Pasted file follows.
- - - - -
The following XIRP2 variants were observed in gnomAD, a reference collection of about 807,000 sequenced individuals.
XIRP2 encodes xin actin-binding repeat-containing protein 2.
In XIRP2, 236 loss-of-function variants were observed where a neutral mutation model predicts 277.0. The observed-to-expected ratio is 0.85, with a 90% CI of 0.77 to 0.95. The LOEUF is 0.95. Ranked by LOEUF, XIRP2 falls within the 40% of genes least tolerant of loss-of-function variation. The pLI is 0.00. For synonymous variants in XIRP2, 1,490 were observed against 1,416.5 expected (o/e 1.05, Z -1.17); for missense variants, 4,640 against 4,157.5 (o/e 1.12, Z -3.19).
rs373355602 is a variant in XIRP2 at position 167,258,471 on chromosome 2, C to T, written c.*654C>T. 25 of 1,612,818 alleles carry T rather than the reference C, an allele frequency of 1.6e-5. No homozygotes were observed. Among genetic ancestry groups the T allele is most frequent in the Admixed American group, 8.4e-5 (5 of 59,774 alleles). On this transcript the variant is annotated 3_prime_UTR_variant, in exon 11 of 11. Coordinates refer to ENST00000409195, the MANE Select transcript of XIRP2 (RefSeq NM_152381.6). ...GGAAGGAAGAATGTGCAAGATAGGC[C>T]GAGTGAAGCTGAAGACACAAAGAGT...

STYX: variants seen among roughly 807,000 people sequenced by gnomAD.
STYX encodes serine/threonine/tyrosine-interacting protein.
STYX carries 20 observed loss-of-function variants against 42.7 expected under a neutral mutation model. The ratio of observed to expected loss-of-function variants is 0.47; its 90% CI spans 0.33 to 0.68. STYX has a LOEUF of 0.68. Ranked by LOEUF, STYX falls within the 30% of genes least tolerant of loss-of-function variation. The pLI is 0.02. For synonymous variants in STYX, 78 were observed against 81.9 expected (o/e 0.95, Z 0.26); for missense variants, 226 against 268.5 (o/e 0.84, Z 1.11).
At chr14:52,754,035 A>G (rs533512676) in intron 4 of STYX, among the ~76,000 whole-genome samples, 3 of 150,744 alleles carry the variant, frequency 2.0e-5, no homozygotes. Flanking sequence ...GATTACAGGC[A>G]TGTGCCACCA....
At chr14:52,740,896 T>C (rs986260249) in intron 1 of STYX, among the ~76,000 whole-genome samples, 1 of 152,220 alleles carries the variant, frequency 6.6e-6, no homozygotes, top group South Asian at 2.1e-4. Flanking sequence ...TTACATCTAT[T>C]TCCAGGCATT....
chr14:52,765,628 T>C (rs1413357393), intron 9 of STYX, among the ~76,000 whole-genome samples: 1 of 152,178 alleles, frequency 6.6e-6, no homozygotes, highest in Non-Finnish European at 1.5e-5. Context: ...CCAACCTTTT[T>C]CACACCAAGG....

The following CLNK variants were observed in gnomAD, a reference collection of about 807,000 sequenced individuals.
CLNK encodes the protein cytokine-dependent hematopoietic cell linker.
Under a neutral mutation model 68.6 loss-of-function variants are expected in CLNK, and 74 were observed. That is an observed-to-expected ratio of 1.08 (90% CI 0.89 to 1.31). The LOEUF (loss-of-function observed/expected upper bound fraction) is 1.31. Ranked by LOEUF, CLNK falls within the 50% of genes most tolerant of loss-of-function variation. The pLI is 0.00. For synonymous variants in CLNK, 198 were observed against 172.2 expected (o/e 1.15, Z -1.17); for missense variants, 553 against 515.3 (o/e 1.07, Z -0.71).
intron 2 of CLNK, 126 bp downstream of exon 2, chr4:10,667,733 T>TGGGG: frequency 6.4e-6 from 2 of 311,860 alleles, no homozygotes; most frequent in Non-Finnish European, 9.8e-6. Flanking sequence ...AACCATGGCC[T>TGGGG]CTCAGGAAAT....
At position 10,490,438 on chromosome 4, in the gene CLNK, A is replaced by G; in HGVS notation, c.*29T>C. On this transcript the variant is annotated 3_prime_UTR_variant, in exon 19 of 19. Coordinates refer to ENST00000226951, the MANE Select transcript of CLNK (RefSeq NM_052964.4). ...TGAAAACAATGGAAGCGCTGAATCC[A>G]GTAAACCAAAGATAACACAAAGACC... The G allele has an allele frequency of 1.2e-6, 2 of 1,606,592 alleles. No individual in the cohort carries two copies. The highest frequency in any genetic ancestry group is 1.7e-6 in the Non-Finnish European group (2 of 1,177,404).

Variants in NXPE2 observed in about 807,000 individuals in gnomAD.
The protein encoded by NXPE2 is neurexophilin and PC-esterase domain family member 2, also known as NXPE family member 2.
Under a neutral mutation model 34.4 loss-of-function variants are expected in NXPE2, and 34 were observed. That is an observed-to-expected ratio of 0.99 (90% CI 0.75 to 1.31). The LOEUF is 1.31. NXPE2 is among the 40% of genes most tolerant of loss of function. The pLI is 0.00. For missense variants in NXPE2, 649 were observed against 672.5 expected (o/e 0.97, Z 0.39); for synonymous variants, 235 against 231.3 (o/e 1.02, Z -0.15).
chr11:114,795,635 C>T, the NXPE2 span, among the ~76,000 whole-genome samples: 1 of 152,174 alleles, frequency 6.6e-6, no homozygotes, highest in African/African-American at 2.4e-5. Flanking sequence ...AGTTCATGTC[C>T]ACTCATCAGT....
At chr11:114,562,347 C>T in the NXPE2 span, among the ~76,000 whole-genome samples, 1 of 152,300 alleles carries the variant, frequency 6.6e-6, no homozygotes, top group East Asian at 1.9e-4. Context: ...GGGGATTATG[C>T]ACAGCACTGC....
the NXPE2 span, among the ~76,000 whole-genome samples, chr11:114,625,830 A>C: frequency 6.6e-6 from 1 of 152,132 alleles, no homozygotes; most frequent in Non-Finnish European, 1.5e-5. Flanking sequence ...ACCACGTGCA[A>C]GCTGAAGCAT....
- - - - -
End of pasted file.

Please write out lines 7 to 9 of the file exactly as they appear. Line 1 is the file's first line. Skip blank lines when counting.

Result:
STYX carries 20 observed loss-of-function variants against 42.7 expected under a neutral mutation model. The ratio of observed to expected loss-of-function variants is 0.47; its 90% CI spans 0.33 to 0.68. STYX has a LOEUF of 0.68. Ranked by LOEUF, STYX falls within the 30% of genes least tolerant of loss-of-function variation. The pLI is 0.02. For synonymous variants in STYX, 78 were observed against 81.9 expected (o/e 0.95, Z 0.26); for missense variants, 226 against 268.5 (o/e 0.84, Z 1.11).
At chr14:52,754,035 A>G (rs533512676) in intron 4 of STYX, among the ~76,000 whole-genome samples, 3 of 150,744 alleles carry the variant, frequency 2.0e-5, no homozygotes. Flanking sequence ...GATTACAGGC[A>G]TGTGCCACCA....
At chr14:52,740,896 T>C (rs986260249) in intron 1 of STYX, among the ~76,000 whole-genome samples, 1 of 152,220 alleles carries the variant, frequency 6.6e-6, no homozygotes, top group South Asian at 2.1e-4. Flanking sequence ...TTACATCTAT[T>C]TCCAGGCATT....